by Diana Odasso
He hurries into my room in the dim early light. I can see he’s upset from the way he stands: his knees hyperextended, fists clenched at his side. Even in the semi-darkness, his eyes are intense, his brown irises glow black.
“I dream you take my donut,” my three-year-old says.
“You had a bad dream, baby.”
I have low blood pressure and mornings feel like waking up from a coma. My joints ache. With two children under five, I’m always tired. I dream of falling back asleep and not waking for a long time, maybe never. For a little while now, I have been worrying about depression.
“You take my donut.”
“It was just a dream…”
“Bad.” His lip trembles as he spits out the word.
“Come here.” I lean over the edge of my bed, open my arms wide like a child swan-diving into the shallow end of the pool. He hesitates but instead, with his characteristic tenacity, which I usually find so charming but not this early, he doubles down.
“I want it back,” he says.
Light-headed, I lean onto the pillow. “I’m sorry, honey. I don’t have your donut.”
“I hate Mommy,” he screams with all the rage a three year old can muster. Temper tantrums too often to count these days. The play therapist is helping him with his anger, I hope.
Recently, I had to go to the DMV to change my last name. The young woman behind the desk rolled through the accompanying paperwork: a court order that allowed me by law to reclaim what’s mine, and a new social security card that proved, in the eyes of the government, that I was continuous with my former self. She stared at me as we waited for my driver’s license to reprint with my new-old name, my maiden name. She was pretty in a Sunday morning way, with caramel skin and an easy smile. She apologized several times, both for the computers, which were running slowly, and for my divorce.
Her large, concerned eyes were still attached to my face when she leaned in and lowered her voice. “But do you think you will be able to start over?”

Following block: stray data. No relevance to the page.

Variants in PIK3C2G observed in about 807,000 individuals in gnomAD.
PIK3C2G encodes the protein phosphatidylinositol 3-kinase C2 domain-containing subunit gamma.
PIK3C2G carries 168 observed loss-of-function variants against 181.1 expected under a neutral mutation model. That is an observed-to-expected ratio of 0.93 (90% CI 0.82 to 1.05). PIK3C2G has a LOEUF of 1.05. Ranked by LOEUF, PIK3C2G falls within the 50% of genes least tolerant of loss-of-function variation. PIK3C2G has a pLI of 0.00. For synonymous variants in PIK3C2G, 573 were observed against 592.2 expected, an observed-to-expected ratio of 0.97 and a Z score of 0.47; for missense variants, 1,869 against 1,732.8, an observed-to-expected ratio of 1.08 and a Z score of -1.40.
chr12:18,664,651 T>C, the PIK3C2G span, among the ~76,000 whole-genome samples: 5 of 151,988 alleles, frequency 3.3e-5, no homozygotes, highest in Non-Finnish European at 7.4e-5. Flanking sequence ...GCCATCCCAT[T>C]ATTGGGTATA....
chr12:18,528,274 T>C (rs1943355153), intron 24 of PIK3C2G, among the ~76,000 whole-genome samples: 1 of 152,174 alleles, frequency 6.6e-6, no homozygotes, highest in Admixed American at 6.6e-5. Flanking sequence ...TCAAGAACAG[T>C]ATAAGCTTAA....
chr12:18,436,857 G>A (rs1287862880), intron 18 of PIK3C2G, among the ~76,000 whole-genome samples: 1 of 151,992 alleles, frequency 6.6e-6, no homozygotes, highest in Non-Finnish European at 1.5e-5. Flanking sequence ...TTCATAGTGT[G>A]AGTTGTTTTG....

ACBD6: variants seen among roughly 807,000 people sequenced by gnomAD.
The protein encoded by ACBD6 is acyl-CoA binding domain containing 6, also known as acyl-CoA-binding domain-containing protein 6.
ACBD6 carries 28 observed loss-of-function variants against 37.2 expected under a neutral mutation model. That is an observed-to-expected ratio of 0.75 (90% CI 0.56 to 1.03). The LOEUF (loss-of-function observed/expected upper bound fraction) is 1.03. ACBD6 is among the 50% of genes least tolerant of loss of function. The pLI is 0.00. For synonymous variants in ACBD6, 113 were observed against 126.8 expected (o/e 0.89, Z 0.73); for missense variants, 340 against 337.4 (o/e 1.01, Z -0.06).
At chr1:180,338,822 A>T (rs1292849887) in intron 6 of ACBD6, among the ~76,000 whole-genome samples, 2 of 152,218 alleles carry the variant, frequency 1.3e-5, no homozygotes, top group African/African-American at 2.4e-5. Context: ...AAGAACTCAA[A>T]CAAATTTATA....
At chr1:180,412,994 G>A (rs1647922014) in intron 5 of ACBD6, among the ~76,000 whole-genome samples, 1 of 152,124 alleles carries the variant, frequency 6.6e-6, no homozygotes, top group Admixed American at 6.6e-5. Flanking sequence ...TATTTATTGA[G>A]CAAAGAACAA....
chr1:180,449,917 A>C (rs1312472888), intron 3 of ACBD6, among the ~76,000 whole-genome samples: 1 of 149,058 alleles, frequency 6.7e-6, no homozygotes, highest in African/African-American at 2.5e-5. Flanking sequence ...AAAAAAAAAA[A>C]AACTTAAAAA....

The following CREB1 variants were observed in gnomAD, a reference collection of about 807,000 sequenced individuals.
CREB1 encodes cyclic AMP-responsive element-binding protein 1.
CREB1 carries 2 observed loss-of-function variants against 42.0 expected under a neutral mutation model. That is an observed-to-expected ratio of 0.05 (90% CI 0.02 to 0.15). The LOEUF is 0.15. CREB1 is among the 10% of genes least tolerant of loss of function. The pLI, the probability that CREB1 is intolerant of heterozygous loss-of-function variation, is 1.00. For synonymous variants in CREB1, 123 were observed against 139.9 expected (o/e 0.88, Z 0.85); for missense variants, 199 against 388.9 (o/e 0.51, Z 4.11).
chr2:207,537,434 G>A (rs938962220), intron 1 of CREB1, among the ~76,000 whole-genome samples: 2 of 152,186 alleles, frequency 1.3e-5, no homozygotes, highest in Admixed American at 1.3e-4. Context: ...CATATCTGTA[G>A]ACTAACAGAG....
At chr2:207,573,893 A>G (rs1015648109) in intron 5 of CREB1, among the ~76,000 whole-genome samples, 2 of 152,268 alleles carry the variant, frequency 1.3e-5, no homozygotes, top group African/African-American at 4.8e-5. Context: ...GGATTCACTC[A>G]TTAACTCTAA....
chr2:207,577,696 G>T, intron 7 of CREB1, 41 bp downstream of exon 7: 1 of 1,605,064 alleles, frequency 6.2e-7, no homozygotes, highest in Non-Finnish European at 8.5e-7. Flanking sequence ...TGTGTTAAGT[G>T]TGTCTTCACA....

I laughed. I wanted to tell her that life often offers the unfortunate illusion of stability. I wanted to tell her that I started over when I borrowed his last name and acquiesced to have my children named for a distant, unknown family. I wanted to tell her about the divorce, about the psych ward, and the emergency custody order but she seemed too nice.
Could I start over?
When I married, I fought against a gradual tide but it finally overtook me: the urge to disappear into a man. And so I took my ex-husband’s skin and glued it to the underside of mine, like a graft that takes root and grows, an invasive vine that blankets a house, protects it from rain and snow, then tears it down. Once it had grown into the crevices, under membranes and pores, I had become a thin surface, a balloon inflated by him.
My son is still screaming at the top of his lungs. The therapist tells me he is directing blame from Daddy’s disappearance onto me.
Daddy didn’t just leave. He left: one wife, two young boys, a mortgaged house in Lake Worth, unpaid bills, one lawsuit, one lien, two upside cars. He left: an encyclopedia of lies. What he took with him: a wad of cash, mine and others’; his good watches; his suits; my luggage. He also made off with the underside layer of my skin.
My little boy bursts into tears. I collect him into the bed, curl him against my aching joints, tucking in those no-longer baby limbs. He softens, his features calm, he sheds the last few tears for his lost donut. Sometime after the tears dry, he’ll tell me he loves me and grip me hard in his shame.
I’ll whisper, “I love you too.”
And he’ll reply, “Good Mommy…”
Diana Odasso is currently an MFA student at Antioch University Los Angeles and managing editor of Lunch Ticket. She has translated French texts (published in Jim Harrison’s The Raw and the Cooked), ghostwritten for an autobiography, and written for The Huffington Post. She has work published in Lunch Ticket, Waypoints Magazine, and upcoming in Burrow Press. She recently attended the Disquiet International Program in Lisbon on scholarship. She lives in South Florida with her two young boys and Boston Terrier.
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